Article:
Of course, we’re not against Guinness – even Bey likes the ‘G’ – and we’ve nothing but good stuff to say about ‘The Black Stuff’. But we’re here to tell you that Ireland’s drink game goes way beyond stout; there’s more that Ireland produces than that… Across the Emerald Isle, the craft brewery and small batch spirit distillery business is booming. Not just selling locally, this huge market is getting more and more fledgling players finding a national and even international audience! Here are a few suggestions to wet your whistle 🍻
The idea of a ‘milk gin’ might sound a bit peculiar to you, especially as it’s named after the world’s oldest cow, but believe us: this gin is something else! Made in West Cork by Ballyvolane House using alcohol whey (a cheesemaking by-product, as apposed to barley or wheat grain) and filled with local botanicals – some foraged right off the trees and meadows – this gin’s delicate flavour is both soothing and surprising. You’ll taste notes of cardamon, cumin and sweet citrus with each sip. This milk gin has recently been joined by a Sloe Gin sibling, made using sloes picked from around Ballyvolane House.
2. Jack Cody’s
Based in the heart of ‘Ireland’s Ancient East’ in Drogheda, Co. Louth, nestled along the eastern coast hugging the Irish Sea, Jack Cody’s is one of the many small, independent breweries booming at the moment in this area equidistant between Dublin and the border with Northern Ireland. With a growing range of craft beers and limited edition specials, they’ve even gone and dedicated an extra strong, seasonal stout to St. Patrick himself, made in a limited run every March. Pour one out for your ‘ol bro, St. Paddy 👊 Our forever favourite is Duxie, the Grapefruit Tea Pale Ale – our version of a session beer as we could drink it over and over!
Based in west Waterford, Blackwater Distillery produces award-winning gins for Aldi stores nationwide but the real draw is the No. 5 Irish gin and some of their seasonal specials, including a Strawberry Gin, and a wild hedgerow variety. They also produce a Juniper Cask Gin and copper pot-still vodka! Up the Déise!
Moving into the designated drivers zone, one of the most difficult beverages to find in Ireland, but yet one of the most delicious is Tanora. Think of any orange soda (but this is bright ruby red) and swap that tangy, cloying orange flavour with the light, smooth taste of tangerine. It’s proudly made in County Cork, and with some notable exceptions, is near on impossible to find elsewhere! Them feckin’ rebels…
5. Thin Gin
Us Irish like drinking (and tourists to our isle seem to enjoy partaking too) but nothing is worse than the hangover you face the next day. Well, eventually there was going to come a spirit that banishes the hangover and Thin Gin is it. Proclaimed to be ‘hangover-free’ and produced by Waterford-based Anchor Spirits, Thin Gin is a splash of citrus-heavy summer year-round dancing with native botanicals like hawthorn, elderflower and hints of apple. Recipient of many taste awards, its name may imply light and barely there but this gin packs a serious juniper punch! Named after local character Isaac Thin who was renowned for his bathtub gin, we met the co-producer of this – Nichola Beresford – at a drinks event and we could not stop talking as her passion about this product is infectious. Try it!
Far from feckin’ Espresso Martinis we were raised, we’ll tell ye! 🍸Bet you didn’t know there was this much choice in Irish cream liqueurs other than Baileys! Kerrygold is the butter brand we all know and love, widely sold around the globe and especially beloved by the States, and now they’ve developed their own Kerrygold Irish Cream Liqueur. New to the market, where others might use an angelic combination of fresh cream and white chocolate, this one bucks the trend with buttery creaminess and milk chocolate – giving it a darker chocolate colour but literally hugging your tastebuds in velvety silkiness. Imagine this in a boozy mousse….
7. Suki Tea
Belfast-based Suki Tea sprung to life in 2005, set up by Annie and Oscar as a loose leaf tea blending business. In an area too familiar with division over the years, the one unifying force between all sides of the community is the love of a good cup of tea! A staple of the city’s food hotpost, St. George’s Market, we particularly adore their ‘Belfast Brew’ and ‘Breakfast Tea’ varieties as modern, contemporary, flavour-packed loose leaf teas, but there is really a global selection of flavours and tastes. Passionate about corporate responsibility, sustainability and environmentally conscious, Suki Tea now comes as a subscription service so you can travel the world via your tastebuds in the comfort of your own home with lots of special flavours dropped right to your door every month.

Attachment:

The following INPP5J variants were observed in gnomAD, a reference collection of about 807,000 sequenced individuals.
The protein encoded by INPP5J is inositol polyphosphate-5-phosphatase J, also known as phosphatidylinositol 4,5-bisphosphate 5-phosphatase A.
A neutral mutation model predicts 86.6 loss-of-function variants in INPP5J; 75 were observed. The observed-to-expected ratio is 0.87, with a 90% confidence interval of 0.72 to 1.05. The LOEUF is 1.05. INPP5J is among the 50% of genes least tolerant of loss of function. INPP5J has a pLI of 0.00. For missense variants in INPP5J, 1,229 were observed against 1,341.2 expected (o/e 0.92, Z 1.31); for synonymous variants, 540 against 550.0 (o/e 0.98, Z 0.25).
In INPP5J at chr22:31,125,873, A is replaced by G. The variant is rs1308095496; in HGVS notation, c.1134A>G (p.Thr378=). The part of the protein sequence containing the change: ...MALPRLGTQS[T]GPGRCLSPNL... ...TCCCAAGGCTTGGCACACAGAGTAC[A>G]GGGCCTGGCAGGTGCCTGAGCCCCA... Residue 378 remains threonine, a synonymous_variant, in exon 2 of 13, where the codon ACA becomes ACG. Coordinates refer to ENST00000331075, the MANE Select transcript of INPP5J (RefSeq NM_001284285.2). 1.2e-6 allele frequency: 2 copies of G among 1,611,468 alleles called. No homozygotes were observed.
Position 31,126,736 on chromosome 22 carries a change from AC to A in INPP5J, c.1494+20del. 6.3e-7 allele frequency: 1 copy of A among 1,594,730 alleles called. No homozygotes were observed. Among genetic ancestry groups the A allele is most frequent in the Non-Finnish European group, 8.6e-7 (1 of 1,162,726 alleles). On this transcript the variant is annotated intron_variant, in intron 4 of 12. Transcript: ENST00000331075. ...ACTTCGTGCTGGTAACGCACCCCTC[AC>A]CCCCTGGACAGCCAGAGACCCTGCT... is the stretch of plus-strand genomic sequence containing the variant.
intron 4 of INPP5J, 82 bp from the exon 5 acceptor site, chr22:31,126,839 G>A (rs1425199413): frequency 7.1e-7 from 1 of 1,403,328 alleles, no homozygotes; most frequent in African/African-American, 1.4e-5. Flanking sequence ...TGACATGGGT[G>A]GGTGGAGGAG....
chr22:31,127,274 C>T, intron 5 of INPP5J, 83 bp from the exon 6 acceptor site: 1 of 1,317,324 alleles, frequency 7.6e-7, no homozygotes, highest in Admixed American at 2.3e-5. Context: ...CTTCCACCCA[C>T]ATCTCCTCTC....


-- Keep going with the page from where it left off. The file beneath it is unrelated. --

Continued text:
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Based in the bustling seaside town of Bray, Wicklow Wolf Brewing Company has to be credited for the monikers they give to their brews. Two limited edition examples have included ‘A Beer Called Rwanda’, an English-style brown ale with the rich nuttiness of Rwandan lightly roasted coffee, and ‘Children of the Revolution’ – a commemorative brew marking Ireland’s 1916 Rising Centenary. Why the name and location? Well according to folklore, the last wild wolves of Ireland roamed these parts. With global beer brewing inspiration they have a line-up of over 10 different beers, a fast growing team, a brewery open for tours and over 400 stockists!
9. Jawbox Gin
Sometimes throwing the kitchen sink at something is not advised, but not this Belfast-based single estate gin. Literally named after the slang name for a Belfast sink (those covetable wash basins!), Jawbox Gin bears the distinct marriage of citrus and pine with a hefty weft of juniper and is best served the classic way with ginger ale, lots of fresh lime juice and ice plus a final flourish of a generous chunk of honeycomb. Don’t ask questions, every gin has its ‘perfect serve’ and this is perfect!
Firmly established over the past decade, 8 Degrees from Mitchelstown in Cork prides itself on being naturally adventurous and their names are spot on: ‘Grand Stretch IPA’, ‘Oxy Moron Kiwi Wit’ and ‘Barefoot Bohemian’… Their Sunburnt Irish Red Ale mixes flavours of toffee with orange hops while their Howling Gale Pale Ale is light and sprightly with grapefruit and citrus aromas – perfect for a sunny day BBQ.
The White Hag is a Sligo-based brewery named after the Irish mythological name for a witch, which naturally makes your ears prick up and make you thirsty, yeah? Though it may be Irish, some of their range includes the Samhain Oktoberfest Larger, perfect for chillier nights around Halloween, or their Irish wit beer, which is a fantastic Irish take on a Belgian blond beer. Keep an eye out too for their Oatmeal Chocolate Milk Stout too!
12. Barry’s Tea
Sure, where would you be without it? Ireland is the biggest tea drinking community in the world (per capita, naturally) and sure wouldn’t Mrs. Doyle be proud? Tea is the solution to all of life’s problems, which every Irish mammy will vehemently attest to.